— Atlantic Monthly, Volume 14, No. 84, October, 1864 - A Magazine Of Literature, Art, And Politics • Various

... er my frettin' en perfumin' over dat ar nigger," she concluded, as if addressing a third person. "He wuz born a syndicate en he'll die er syndicate. De Debbil, he ain' gwine tu'n 'm en de Lawd he can't. De preachin' it runs off 'im same es water off er duck's back. I'se done talked ter him day in en day out twell dar ain' no breff lef fer me ter blow wid, an' he ain' changed a hyar f'om what de Lawd made 'im. Seems like he ain' got de ...
— The Voice of the People • Ellen Glasgow

... authoritative selection has been made for the Somerset and Devon districts, but the following varieties of cider apples are held in good repute in those parts:—Kingston Black, Jersey Chisel, Hangdowns, Fair Maid of Devon, Woodbine, Duck's Bill, Slack-my-Girdle, Bottle Stopper, Golden Ball, Sugar-loaf, Red Cluster, Royal Somerset and Cadbury (believed to be identical with the Royal Wilding of Herefordshire). As a rule the best cider apples are of small ...
— Encyclopaedia Britannica, 11th Edition, Volume 6, Slice 3 - "Chitral" to "Cincinnati" • Various

... that something occurred which (for everything so far has been sheer prologue) led to these remarks. I was passing the crowd about one of the gentlemen—the more brazenly confident one—who deny the existence of a beneficent Creator, when the words, "Looking like a dying duck in a thunderstorm," clanged out, followed by a roar of delighted laughter; and in a flash I remembered precisely where I was when, forty and more years ago, I first heard from a nursemaid that ancient simile and was so struck by its ...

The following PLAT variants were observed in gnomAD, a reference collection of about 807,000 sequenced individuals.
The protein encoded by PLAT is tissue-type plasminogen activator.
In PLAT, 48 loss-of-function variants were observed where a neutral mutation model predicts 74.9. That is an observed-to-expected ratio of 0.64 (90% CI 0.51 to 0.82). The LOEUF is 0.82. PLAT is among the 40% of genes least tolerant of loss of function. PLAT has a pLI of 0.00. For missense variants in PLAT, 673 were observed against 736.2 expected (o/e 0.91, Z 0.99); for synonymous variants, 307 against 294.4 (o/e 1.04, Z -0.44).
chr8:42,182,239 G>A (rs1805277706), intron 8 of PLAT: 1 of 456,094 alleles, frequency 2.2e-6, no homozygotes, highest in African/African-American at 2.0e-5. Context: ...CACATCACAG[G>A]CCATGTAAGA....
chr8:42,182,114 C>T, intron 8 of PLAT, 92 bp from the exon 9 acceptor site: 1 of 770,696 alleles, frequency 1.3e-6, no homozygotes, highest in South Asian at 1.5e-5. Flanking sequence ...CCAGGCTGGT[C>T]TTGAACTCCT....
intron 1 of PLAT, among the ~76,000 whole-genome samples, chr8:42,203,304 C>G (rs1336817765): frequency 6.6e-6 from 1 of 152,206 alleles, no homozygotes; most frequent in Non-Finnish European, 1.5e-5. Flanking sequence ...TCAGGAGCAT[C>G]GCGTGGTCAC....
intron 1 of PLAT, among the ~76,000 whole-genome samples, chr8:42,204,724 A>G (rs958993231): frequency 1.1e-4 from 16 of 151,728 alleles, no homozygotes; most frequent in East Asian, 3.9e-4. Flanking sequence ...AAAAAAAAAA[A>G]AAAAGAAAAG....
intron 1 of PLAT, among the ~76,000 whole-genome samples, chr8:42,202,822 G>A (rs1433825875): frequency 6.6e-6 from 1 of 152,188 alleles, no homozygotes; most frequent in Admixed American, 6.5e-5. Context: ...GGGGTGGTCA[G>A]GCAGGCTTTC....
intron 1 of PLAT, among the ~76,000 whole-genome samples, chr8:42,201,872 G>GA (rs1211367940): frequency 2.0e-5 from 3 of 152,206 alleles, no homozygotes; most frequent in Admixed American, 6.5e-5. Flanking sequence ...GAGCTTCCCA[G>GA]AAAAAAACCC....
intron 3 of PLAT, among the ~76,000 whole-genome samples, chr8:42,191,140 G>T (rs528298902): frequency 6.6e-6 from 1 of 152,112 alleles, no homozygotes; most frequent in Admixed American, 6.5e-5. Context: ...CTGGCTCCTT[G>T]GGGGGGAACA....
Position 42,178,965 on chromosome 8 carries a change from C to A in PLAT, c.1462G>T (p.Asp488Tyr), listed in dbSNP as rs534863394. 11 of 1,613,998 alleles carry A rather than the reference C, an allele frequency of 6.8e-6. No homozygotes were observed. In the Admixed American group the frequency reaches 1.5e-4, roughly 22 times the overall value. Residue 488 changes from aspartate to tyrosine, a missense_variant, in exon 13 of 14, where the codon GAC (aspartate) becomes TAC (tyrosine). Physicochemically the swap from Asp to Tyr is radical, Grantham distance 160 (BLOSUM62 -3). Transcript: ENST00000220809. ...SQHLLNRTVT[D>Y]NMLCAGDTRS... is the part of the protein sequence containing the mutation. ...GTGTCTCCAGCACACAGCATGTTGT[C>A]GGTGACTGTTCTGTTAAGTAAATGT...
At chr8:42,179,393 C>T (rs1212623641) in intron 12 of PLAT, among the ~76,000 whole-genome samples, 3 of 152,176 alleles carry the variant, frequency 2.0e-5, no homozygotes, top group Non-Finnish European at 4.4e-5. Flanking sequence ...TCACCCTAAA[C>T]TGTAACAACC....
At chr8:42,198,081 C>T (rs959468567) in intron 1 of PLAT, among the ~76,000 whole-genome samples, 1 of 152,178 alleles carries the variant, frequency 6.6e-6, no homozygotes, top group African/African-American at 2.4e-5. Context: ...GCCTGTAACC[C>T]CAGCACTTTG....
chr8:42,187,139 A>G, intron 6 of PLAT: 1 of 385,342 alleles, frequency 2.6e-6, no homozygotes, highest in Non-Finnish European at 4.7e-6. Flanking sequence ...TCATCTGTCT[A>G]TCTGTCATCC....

— A Boswell of Baghdad - With Diversions • E. V. Lucas

... moved onwards, as fast and as far as we could. On the following morning, before dawn, I had been lying wakefully listening for the different sounds of the bells on the animals' necks, and got up to brighten up the camp fire with fresh wood, when the strange sound of the quacking of a wild duck smote upon my ear. The blaze of firelight had evidently attracted the creature, which probably thought it was the flashing of water, as it flew down close to my face, and almost precipitated itself into the flames; but discovering its error, it wheeled away upon its unimpeded wings, ...
— Australia Twice Traversed, The Romance of Exploration • Ernest Giles

... eye out for that big 'gator we scared off the bank a while back," warned Jack, wickedly, "he might think it was a wild duck splashing, and try to pot it for ...
— Eagles of the Sky - With Jack Ralston Along the Air Lanes • Ambrose Newcomb

... you and I (You by your art and I by luck) Have pulled the pheasant off the sky Or flogged to death the flighting duck; But never yet—how few the chances Of pouching so superb a swag— Have we achieved a feat like France's ...
— Punch, or the London Charivari, Vol. 153, October 31, 1917 • Various